"Thought 3D Was Just a Gimmick? Think Again."
Times are tough and money's tight, so I didn't intend to buy this game right off the bat. However, I ended up biting the bullet and becoming the owner of Super Mario 3D Land. Luckily, now that I have played it, I no longer feel any regret for having given in to buying it with such little resistance.
Shigeru Miyamoto said that the game was made to be a "3D Mario that plays like a 2D Mario game." After spending hours with it, I can testify to that statement. While the controls and the graphics are akin to the Super Mario Galaxy games, the gameplay and the level design in Super Mario 3D Land borrows considerably from Mario's classic side-scrollers, making it feel more like an evolution of the classic design, as opposed to simply being the first 3D Mario game on a portable.
In keeping with series tradition, the plot remains simple. It begins on a dark and stormy night, in which a tree is stripped of its Super Leaves by the harsh wind (this is essentially just Nintendo's way of justifying the prominent usage of the [ever controversial] Tanooki Suit). Following the requisite scene where Mario learns of Peach's kidnapping at Bowser's hands, the game begins.
Gameplay in Super Mario 3D Land doesn't deviate from other games in the series, which makes it remarkably accessible for nearly anyone who has ever played a Mario title. Like I said before, the game plays more like a 2D Mario than a 3D one. For example, you only have a limited amount of time to clear each stage, and the health system from the side-scrollers is in play here - get hit as big Mario, you turn into little Mario; get hit then, and you die. Also, stages are cleared by grabbing onto the flagpole at the end. Having played several of the classics, it was neat to see how Nintendo incorporated elements of those games into a 3D space.
Speaking of 3D, I've yet to make mention of the 3D in Super Mario 3D Land. Rectification time! Here's a sad fact about me: I've never played a 3DS game with the 3D turned on for very long. Usually, I'd flip it on for a little bit, just to see how it looked, before flipping it off due to the eye strain and the narrow viewing angle. Super Mario 3D Land changed that. The whole time, I was playing with the 3D turned on. At last, all those who think 3D is just a lame gimmick can see how it can be usefully applied in-game. As a platformer, Super Mario 3D Land benefits greatly by making it possible for you to gauge the distance between one platform and another, something that was occasionally tricky to do in previous three-dimensional Mario games. In addition, every now and then, you'll come across areas where the 3D is necessary due to the clever use of fixed camera angles and deceivingly-placed platforms.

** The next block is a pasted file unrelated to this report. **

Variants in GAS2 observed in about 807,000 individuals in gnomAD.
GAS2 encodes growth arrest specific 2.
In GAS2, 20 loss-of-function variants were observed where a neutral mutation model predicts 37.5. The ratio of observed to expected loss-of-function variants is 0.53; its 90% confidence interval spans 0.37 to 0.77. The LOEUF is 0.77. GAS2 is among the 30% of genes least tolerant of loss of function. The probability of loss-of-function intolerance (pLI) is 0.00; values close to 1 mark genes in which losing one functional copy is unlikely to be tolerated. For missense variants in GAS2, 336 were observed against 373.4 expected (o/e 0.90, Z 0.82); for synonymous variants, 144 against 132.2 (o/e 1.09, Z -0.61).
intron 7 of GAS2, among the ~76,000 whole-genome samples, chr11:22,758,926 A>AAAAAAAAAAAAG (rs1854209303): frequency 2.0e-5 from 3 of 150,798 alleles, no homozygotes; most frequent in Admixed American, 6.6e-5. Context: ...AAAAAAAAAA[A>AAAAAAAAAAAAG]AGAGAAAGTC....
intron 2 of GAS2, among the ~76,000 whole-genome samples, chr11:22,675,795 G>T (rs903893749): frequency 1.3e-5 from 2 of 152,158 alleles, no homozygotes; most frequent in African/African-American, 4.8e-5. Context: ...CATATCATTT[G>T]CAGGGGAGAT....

I have to admit Super Mario 3D Land is definitely one of the easier Mario games in recent years. More often than not, I died not from the enemies and obstacles, but from some poorly-executed jump that sent me to a bottomless pit-based doom; that's not really a gripe, but an observation. Also, the levels themselves are rather short; you can easily beat most of them in less than three minutes. However, since this is a portable game, it actually works - you are never far from a point where you can turn the game off if you need to without having to worry about losing your progress.
Luckily, this game doesn't really suffering due to the short levels, since Nintendo gives you a lot of them. Once you clear the eight main worlds and save the princess, the game effectively doubles its length by giving you eight new worlds to tackle through. These special Super Mario 3D Land worlds ramp up the difficulty with more obstacles and trickier challenges, ensuring that you won't get easily bored. Not to mention, the game offers some of the most creative stages in a Mario title and it's incredibly fun to play through.
It looks beautiful and vibrant, it sounds authentic, and it plays great, so what else could you ask for? Between the new enemies, new platforming mechanics, and creative level design, it will be tough to put this one down. At last, the 3DS has a truly awesome original title in Super Mario 3D Land. For months now, all we've really had to tide us over were remakes of classics and a couple of sequels to others. That is no longer the case, and we are all the better for it. With several nods to both the 2D and 3D platformers that have made Mario legendary, this game more than earns its place among the most noteworthy titles.
GameDynamo's Score for Super Mario 3D Land (3DS)
A writer, journalist, and aspiring storyteller, Peter Grimm has been gaming since the days of the Nintendo 64, and reporting on the goings-on in the World of Gaming since late 2011. His base of writing operations is located within the void between Here and There, or so he would have you think.
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